Recent research by UCLA has revealed that the vast majority of Americans are mystified and puzzled by claims that a large, independent country known as Canada exists just a few miles away from some major American cities. The survey, which was administered to 5000 Americans in June, revealed that fully 84% of Americans answered "You're kidding" when told that cities like Cleveland, Detroit, and Buffalo were less than one-hundred miles away from the separate, essentially defenseless nation.
Those Americans who do have an awareness of Canada have strikingly similar views on the country. An open-ended question asking for impressions of Canadians returned 313 instances of the word "soft," 246 responses of "vulnerable," and 156 answers of "pale." Nonetheless, 10% of Americans did report having cross-border dating experience or knowledge of others with such experience. For instance, an 18 year-old man from Wichita reported "My cousin dated this girl from Canada once. You wouldn't know her. She was seriously screwed up in the head. He said she was really easy."
Americans also seem to hold fairly consistent views of life inside Canada. When asked to select the best descriptor of Canadian fashion, 67% chose "outdated" while only 10% chose "modern day." A stunning 347 respondents penciled in the word "flannel" in response to the question. Furthermore, when asked to identify the country's most popular food, 73% of those respondents aware of the country chose "pancakes" while 57%, the next largest grouping, selected "syrup."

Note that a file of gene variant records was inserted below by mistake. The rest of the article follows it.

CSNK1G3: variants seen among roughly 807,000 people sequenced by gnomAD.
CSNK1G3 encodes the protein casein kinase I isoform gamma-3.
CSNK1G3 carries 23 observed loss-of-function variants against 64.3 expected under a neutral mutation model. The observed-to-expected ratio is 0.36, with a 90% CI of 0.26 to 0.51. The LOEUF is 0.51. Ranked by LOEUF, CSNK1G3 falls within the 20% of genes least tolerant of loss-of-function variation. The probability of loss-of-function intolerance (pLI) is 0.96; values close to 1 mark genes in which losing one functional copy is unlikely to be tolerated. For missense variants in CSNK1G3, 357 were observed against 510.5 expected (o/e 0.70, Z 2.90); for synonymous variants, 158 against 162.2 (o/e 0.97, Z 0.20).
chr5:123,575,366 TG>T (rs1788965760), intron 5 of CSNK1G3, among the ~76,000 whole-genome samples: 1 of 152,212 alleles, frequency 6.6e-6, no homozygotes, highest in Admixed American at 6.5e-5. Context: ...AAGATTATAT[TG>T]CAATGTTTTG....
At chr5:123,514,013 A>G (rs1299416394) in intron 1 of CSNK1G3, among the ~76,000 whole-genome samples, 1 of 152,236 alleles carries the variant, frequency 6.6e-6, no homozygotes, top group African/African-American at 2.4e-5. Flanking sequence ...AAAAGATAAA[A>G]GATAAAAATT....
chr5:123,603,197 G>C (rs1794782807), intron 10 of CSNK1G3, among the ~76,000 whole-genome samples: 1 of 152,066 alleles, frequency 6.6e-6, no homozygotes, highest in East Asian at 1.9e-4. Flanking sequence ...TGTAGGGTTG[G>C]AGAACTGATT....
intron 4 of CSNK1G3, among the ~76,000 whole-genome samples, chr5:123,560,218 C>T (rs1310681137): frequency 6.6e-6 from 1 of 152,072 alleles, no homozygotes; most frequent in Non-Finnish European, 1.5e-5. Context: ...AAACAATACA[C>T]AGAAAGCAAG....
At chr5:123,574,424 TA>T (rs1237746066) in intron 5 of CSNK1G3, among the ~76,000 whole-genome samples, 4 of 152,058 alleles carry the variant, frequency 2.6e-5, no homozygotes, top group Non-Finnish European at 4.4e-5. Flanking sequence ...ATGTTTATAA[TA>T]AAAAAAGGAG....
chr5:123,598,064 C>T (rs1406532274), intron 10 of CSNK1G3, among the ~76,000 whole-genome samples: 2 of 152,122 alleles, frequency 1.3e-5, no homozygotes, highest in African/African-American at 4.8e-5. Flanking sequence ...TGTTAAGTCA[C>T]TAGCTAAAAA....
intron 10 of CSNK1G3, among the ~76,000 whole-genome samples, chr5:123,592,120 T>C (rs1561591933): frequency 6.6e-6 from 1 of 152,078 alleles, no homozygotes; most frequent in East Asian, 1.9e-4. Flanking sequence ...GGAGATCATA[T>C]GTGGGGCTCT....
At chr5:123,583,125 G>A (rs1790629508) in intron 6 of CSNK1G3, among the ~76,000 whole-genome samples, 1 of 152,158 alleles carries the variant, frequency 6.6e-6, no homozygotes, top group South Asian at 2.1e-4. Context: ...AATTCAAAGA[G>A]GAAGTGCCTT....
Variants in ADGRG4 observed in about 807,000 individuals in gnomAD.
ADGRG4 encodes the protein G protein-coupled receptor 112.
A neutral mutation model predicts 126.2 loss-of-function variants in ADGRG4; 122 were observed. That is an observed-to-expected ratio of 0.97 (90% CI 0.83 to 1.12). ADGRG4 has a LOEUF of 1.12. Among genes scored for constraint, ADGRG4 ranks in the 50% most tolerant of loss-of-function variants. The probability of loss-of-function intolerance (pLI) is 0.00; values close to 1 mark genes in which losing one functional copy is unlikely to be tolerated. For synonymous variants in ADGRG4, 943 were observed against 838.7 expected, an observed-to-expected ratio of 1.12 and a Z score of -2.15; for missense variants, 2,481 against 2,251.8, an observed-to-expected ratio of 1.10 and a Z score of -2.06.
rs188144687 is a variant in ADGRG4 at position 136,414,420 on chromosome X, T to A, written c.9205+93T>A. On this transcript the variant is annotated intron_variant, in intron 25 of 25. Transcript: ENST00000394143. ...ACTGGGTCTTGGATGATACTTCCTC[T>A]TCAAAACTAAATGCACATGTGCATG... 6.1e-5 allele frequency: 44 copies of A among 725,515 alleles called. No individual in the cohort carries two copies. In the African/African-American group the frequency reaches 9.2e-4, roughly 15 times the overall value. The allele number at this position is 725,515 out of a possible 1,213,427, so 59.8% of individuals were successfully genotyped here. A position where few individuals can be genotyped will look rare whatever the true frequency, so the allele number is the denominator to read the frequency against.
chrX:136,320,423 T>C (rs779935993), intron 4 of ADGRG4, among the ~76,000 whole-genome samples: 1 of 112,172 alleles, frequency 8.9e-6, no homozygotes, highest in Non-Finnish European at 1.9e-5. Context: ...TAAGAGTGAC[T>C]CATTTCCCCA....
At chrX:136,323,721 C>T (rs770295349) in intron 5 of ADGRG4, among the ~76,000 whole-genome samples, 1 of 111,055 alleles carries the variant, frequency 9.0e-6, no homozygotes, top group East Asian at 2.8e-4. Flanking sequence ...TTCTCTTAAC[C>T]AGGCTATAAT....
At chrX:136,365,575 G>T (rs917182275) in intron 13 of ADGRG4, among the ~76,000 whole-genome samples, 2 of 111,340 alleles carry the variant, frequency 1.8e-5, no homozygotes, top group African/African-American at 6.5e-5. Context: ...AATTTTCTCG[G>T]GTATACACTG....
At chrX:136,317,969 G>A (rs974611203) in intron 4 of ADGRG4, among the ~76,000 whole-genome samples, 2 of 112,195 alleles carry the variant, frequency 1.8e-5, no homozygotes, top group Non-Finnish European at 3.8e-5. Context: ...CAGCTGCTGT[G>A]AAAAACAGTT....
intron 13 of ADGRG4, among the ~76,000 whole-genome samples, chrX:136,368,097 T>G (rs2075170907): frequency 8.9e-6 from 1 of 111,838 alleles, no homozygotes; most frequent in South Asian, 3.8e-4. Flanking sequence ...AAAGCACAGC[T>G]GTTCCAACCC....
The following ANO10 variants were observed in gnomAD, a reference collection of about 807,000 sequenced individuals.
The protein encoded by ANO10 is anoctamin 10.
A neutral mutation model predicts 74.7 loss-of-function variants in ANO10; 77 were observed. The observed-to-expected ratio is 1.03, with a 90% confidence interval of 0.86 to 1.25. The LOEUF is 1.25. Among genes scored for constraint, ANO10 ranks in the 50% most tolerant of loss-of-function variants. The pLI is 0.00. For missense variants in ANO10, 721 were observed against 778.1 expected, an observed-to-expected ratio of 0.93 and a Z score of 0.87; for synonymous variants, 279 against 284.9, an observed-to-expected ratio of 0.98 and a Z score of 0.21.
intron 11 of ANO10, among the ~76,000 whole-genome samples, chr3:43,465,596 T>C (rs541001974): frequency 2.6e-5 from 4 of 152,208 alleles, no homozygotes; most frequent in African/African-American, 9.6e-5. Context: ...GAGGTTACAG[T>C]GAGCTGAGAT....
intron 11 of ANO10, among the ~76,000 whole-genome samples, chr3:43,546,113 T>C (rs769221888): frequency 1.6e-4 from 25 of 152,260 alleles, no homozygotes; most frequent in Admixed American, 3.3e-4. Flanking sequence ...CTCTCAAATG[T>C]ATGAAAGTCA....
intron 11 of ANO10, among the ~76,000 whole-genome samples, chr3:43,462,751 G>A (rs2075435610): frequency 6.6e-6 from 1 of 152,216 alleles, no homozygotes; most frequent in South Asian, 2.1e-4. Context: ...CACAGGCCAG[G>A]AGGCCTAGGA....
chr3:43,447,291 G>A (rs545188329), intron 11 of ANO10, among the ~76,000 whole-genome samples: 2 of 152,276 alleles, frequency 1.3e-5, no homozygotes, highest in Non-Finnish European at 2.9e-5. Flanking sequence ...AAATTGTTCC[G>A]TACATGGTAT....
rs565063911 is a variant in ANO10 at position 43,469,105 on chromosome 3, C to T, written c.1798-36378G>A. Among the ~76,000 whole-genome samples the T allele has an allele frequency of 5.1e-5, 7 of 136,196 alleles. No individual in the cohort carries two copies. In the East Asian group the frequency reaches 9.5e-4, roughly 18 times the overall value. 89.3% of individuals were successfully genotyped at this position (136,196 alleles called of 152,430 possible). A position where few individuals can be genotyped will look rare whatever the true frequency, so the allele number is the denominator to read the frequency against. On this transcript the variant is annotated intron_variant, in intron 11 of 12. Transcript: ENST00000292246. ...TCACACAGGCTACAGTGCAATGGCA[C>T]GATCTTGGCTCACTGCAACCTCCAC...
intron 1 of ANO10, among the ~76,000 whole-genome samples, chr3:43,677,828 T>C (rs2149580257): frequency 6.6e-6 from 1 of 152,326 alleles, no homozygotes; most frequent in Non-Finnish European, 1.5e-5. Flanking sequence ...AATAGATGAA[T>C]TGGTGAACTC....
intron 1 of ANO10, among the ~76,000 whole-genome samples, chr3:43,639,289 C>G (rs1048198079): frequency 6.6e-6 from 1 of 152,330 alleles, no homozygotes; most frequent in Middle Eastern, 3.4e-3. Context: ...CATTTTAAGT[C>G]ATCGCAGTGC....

"Clearly, those Americans who know about Canada think of it as a backwater country where everyone's a lumberjack and all they do is sit around and eat breakfast foods," said Josh Depree, a graduate student in Canadian Studies at the University of South Florida. "These folks are missing out on the fact that Canada is basically a modern country with OK food and some decent chicks. I think it's basically strip malls," he added.
The research also revealed additional shortcomings in the average American command of geography. For example, 62% of respondents could not pick the real countries out of a list that included the choices Lithuania, Batcavia, Ooboo Leh, Mandingo and Thailand. In fact, more respondents identified "Mandingo" as a country than "Thailand." Even more striking, 36% of Americans were unaware of the existence of the state of Minnesota.
However, Department of Education officials were not surprised by the research findings. Ned Smith, spokesman for the department, said, "I mean honestly, what's the point? Americans know about the countries that matter, like Iraq and China. If they have nothing for us to buy and aren't a threat, who cares if they exist?"